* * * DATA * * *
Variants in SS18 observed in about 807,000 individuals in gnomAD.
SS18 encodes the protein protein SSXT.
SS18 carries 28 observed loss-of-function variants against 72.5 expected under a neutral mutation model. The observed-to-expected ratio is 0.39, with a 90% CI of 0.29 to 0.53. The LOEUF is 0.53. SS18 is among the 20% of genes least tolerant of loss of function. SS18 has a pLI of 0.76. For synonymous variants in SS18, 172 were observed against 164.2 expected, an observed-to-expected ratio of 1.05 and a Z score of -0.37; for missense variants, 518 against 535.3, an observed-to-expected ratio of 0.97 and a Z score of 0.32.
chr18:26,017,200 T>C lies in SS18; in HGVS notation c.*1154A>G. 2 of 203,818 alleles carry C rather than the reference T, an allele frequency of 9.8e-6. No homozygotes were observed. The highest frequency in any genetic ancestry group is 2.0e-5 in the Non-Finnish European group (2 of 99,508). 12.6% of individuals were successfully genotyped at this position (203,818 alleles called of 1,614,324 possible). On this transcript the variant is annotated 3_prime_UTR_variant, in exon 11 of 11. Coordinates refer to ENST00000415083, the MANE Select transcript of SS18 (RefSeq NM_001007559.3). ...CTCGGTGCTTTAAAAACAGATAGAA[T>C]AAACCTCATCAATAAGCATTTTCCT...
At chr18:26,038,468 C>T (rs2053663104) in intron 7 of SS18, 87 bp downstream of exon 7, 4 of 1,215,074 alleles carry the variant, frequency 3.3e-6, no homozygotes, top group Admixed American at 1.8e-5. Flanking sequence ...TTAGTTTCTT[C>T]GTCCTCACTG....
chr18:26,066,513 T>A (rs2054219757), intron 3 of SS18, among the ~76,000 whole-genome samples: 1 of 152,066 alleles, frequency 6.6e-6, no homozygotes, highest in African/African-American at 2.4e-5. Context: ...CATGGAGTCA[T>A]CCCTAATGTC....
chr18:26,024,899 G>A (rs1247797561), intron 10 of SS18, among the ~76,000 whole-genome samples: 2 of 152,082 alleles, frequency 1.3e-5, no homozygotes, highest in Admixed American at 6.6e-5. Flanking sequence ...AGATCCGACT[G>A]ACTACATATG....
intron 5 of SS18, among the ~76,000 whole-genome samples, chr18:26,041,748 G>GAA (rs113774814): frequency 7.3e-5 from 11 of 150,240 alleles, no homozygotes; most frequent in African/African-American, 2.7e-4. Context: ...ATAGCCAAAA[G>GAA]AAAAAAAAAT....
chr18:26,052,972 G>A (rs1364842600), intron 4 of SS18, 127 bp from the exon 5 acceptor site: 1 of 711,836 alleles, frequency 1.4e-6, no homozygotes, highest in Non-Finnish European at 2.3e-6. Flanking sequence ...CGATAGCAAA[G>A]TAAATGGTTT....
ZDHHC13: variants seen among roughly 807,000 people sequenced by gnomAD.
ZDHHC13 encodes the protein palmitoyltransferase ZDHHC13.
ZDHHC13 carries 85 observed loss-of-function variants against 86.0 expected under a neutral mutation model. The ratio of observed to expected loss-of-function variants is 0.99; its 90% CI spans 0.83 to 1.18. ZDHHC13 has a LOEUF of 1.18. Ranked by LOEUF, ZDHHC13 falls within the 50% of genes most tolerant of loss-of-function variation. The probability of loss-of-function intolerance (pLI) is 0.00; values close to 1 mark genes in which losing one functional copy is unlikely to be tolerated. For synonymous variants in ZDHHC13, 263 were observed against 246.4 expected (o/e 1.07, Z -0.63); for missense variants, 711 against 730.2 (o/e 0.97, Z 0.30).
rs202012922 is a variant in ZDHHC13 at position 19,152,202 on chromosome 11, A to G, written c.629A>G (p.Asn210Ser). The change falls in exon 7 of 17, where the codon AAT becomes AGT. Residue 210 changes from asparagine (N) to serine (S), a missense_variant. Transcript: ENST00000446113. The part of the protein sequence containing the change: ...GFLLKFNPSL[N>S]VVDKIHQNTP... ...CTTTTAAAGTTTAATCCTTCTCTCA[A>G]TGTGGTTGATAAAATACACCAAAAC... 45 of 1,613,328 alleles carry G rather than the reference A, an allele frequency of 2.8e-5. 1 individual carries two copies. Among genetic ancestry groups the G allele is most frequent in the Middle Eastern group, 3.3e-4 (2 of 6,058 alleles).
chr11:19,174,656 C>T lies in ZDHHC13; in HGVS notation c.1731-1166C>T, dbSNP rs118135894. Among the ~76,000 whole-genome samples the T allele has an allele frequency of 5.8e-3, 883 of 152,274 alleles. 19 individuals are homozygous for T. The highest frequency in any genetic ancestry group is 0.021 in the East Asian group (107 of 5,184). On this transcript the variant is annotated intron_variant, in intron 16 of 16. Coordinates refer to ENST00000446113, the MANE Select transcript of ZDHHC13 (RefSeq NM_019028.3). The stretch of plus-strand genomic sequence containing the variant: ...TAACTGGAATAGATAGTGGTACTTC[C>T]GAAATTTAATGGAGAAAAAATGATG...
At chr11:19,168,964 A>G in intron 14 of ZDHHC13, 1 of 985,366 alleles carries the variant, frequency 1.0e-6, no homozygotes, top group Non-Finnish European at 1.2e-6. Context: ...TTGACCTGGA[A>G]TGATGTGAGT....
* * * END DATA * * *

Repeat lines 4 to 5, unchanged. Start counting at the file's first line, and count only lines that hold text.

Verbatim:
chr18:26,017,200 T>C lies in SS18; in HGVS notation c.*1154A>G. 2 of 203,818 alleles carry C rather than the reference T, an allele frequency of 9.8e-6. No homozygotes were observed. The highest frequency in any genetic ancestry group is 2.0e-5 in the Non-Finnish European group (2 of 99,508). 12.6% of individuals were successfully genotyped at this position (203,818 alleles called of 1,614,324 possible). On this transcript the variant is annotated 3_prime_UTR_variant, in exon 11 of 11. Coordinates refer to ENST00000415083, the MANE Select transcript of SS18 (RefSeq NM_001007559.3). ...CTCGGTGCTTTAAAAACAGATAGAA[T>C]AAACCTCATCAATAAGCATTTTCCT...
At chr18:26,038,468 C>T (rs2053663104) in intron 7 of SS18, 87 bp downstream of exon 7, 4 of 1,215,074 alleles carry the variant, frequency 3.3e-6, no homozygotes, top group Admixed American at 1.8e-5. Flanking sequence ...TTAGTTTCTT[C>T]GTCCTCACTG....